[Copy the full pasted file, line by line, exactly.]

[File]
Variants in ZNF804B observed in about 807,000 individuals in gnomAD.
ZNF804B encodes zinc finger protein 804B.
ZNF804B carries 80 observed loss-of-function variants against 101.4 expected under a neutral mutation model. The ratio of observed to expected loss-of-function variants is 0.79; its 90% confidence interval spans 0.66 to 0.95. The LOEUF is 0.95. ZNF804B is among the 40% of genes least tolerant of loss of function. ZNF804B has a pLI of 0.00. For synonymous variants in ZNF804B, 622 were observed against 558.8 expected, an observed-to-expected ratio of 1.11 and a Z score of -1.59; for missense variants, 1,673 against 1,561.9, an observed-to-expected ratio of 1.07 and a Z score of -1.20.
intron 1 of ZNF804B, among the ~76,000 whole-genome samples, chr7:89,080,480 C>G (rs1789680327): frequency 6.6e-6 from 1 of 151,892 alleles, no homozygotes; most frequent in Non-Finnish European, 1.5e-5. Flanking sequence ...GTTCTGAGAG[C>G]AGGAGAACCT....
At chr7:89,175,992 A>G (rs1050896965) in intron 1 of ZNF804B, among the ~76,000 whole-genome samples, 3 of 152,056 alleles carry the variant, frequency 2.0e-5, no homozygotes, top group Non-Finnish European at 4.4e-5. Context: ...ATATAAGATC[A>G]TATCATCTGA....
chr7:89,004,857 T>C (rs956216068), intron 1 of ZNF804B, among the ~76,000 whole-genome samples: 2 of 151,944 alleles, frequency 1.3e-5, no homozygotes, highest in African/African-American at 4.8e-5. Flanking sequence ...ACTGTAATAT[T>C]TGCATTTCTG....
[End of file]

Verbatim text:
Variants in ZNF804B observed in about 807,000 individuals in gnomAD.
ZNF804B encodes zinc finger protein 804B.
ZNF804B carries 80 observed loss-of-function variants against 101.4 expected under a neutral mutation model. The ratio of observed to expected loss-of-function variants is 0.79; its 90% confidence interval spans 0.66 to 0.95. The LOEUF is 0.95. ZNF804B is among the 40% of genes least tolerant of loss of function. ZNF804B has a pLI of 0.00. For synonymous variants in ZNF804B, 622 were observed against 558.8 expected, an observed-to-expected ratio of 1.11 and a Z score of -1.59; for missense variants, 1,673 against 1,561.9, an observed-to-expected ratio of 1.07 and a Z score of -1.20.
intron 1 of ZNF804B, among the ~76,000 whole-genome samples, chr7:89,080,480 C>G (rs1789680327): frequency 6.6e-6 from 1 of 151,892 alleles, no homozygotes; most frequent in Non-Finnish European, 1.5e-5. Flanking sequence ...GTTCTGAGAG[C>G]AGGAGAACCT....
At chr7:89,175,992 A>G (rs1050896965) in intron 1 of ZNF804B, among the ~76,000 whole-genome samples, 3 of 152,056 alleles carry the variant, frequency 2.0e-5, no homozygotes, top group Non-Finnish European at 4.4e-5. Context: ...ATATAAGATC[A>G]TATCATCTGA....
chr7:89,004,857 T>C (rs956216068), intron 1 of ZNF804B, among the ~76,000 whole-genome samples: 2 of 151,944 alleles, frequency 1.3e-5, no homozygotes, highest in African/African-American at 4.8e-5. Flanking sequence ...ACTGTAATAT[T>C]TGCATTTCTG....